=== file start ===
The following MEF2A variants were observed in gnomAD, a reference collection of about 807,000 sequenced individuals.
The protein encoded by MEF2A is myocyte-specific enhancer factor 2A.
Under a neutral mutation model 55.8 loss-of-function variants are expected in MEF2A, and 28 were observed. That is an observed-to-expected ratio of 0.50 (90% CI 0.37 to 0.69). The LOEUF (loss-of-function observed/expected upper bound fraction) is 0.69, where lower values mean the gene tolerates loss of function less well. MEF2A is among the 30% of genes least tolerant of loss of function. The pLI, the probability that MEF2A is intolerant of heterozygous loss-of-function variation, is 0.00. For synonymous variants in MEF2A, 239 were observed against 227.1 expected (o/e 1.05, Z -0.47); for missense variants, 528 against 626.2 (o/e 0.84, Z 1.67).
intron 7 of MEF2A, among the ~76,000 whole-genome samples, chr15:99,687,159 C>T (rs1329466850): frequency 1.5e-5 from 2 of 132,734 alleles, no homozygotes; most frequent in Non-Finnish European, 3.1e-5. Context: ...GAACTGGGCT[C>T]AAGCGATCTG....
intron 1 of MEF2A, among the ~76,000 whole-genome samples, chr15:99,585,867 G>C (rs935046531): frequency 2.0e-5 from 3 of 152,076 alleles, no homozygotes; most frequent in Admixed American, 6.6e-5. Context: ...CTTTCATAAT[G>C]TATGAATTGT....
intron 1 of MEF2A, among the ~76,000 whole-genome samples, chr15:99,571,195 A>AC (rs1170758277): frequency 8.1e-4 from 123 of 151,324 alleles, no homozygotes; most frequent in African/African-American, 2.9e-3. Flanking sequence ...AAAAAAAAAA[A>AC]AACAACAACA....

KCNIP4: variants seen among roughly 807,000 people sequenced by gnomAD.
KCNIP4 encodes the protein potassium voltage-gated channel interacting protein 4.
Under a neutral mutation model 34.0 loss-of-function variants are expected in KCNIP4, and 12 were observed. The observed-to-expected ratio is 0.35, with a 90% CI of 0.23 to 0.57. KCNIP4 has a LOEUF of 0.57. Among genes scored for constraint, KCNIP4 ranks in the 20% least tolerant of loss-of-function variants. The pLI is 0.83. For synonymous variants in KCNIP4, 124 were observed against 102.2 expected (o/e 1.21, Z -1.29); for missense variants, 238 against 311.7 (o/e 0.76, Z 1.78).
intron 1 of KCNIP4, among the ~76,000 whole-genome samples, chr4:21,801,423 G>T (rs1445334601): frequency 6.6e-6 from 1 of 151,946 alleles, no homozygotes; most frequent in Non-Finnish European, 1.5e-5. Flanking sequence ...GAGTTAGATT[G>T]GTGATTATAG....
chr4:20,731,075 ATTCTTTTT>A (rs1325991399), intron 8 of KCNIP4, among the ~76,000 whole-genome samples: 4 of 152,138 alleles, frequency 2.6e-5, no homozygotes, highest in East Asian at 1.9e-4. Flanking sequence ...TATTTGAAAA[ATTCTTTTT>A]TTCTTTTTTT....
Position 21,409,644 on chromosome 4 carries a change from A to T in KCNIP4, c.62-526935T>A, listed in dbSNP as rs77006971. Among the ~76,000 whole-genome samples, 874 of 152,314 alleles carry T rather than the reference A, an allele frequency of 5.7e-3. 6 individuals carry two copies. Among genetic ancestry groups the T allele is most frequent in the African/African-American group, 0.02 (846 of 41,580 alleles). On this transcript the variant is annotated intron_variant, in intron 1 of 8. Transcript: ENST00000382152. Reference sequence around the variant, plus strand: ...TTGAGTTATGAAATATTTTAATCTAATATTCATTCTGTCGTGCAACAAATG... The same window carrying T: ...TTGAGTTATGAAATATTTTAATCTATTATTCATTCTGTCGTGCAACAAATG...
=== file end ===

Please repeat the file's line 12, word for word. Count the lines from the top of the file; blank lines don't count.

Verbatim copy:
Position 21,409,644 on chromosome 4 carries a change from A to T in KCNIP4, c.62-526935T>A, listed in dbSNP as rs77006971. Among the ~76,000 whole-genome samples, 874 of 152,314 alleles carry T rather than the reference A, an allele frequency of 5.7e-3. 6 individuals carry two copies. Among genetic ancestry groups the T allele is most frequent in the African/African-American group, 0.02 (846 of 41,580 alleles). On this transcript the variant is annotated intron_variant, in intron 1 of 8. Transcript: ENST00000382152. Reference sequence around the variant, plus strand: ...TTGAGTTATGAAATATTTTAATCTAATATTCATTCTGTCGTGCAACAAATG... The same window carrying T: ...TTGAGTTATGAAATATTTTAATCTATTATTCATTCTGTCGTGCAACAAATG...